Friday, 10 February 2017

Two new studies uncover more health benefits of whole grains

New research out this week from Tufts University in the US state of Massachusetts has highlighted more of the health benefits of whole grains.
Published in the American Journal of Clinical Nutrition, the first of the two studies looked at the effect of whole grains versus refined grains on gut microbiota.
Eighty-one participants were recruited for the eight-week randomized, controlled trial, and for the first two weeks were asked to consume a Western-style diet rich in refined grains and designed to maintain weight.
However for the next six weeks, 40 participants stayed on the diet while 41 participants switched to one rich in whole grains.
The diets were similar in total energy, total fat, and number of fruit, vegetable, and protein servings.
To measure the effect on gut microbiota, the bacterial content and concentration of short-chain fatty acids in the stool was measured, both considered to be vital for healthy immune and inflammatory functions.
Although improvements were modest, the results showed that those who ate the whole grain diet had an increase in Lachnospira, the bacteria that produces short-chain fatty acids, and a decrease in the pro-inflammatory bacteria, Enterbacteriaceae.
In addtion blood tests showed that participants on the whole grain diet showed modest improvements in levels of memory T cells and TNF-alpha production, both a measure of healthy immune response.
In a second study, the team looked at the effect of replacing refined grains with whole grains on weight management.
The team followed 81 men and women aged 40 to 65 during eight-weeks, with the participants once again following the same diet for the first two weeks.
After two weeks, participants were randomly assigned to eat a diet that included either whole grains or refined grains, with the energy, macronutrient composition, type of food, and meal structure similar in both diets.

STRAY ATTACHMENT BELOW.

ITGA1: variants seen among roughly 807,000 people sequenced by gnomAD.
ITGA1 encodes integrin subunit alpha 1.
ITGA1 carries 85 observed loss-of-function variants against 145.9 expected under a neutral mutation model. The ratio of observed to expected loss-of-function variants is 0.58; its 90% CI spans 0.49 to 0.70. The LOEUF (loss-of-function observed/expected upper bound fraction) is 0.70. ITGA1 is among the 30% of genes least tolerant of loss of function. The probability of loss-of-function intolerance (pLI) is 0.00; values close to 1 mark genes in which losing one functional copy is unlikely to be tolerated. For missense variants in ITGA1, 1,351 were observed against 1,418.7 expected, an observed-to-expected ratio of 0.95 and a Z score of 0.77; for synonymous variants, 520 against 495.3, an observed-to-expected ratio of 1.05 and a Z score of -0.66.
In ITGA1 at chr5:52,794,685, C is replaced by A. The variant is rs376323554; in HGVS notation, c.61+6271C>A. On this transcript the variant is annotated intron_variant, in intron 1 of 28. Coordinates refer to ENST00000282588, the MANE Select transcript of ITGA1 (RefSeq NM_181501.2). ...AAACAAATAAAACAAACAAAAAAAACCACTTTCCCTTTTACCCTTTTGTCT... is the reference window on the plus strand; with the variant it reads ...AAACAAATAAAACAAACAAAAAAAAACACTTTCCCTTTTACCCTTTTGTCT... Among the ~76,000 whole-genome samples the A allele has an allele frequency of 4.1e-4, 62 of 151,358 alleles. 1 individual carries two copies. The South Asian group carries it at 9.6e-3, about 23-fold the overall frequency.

Although hunger and fullness were not statistically different between diets, results showed that participants who ate the diet with whole grains, which matched the recommended dietary allowance (RDA) for fiber, lost nearly an extra 100 calories per day than those on the refined grain diet which contained less fiber -- equivalent to a brisk 30 min walk or enjoying an extra small cookie every day.
The team believe the results are due to a combination of the whole grain diet causing an increase in resting metabolic rate and greater loss of energy in feces. However the extra fecal energy losses were not due to the extra fiber itself but from the effect the fiber had on the digestibility of other food calories.
Whole grains include the outer nutritious layer of grains and include whole-wheat flour, oatmeal and brown rice, whereas refined grains, such as white flour, white bread and white rice, have been processed and the outer nutritious layer removed. 
The recommended daily allowance of whole grains is a minimum of three ounces for women and four ounces for men, equivalent to consuming 1½ to 2 cups of brown rice or oatmeal each day.
Eating a diet rich in whole grains has also been associated with reduced risk of heart disease, type 2 diabetes, and some cancers.

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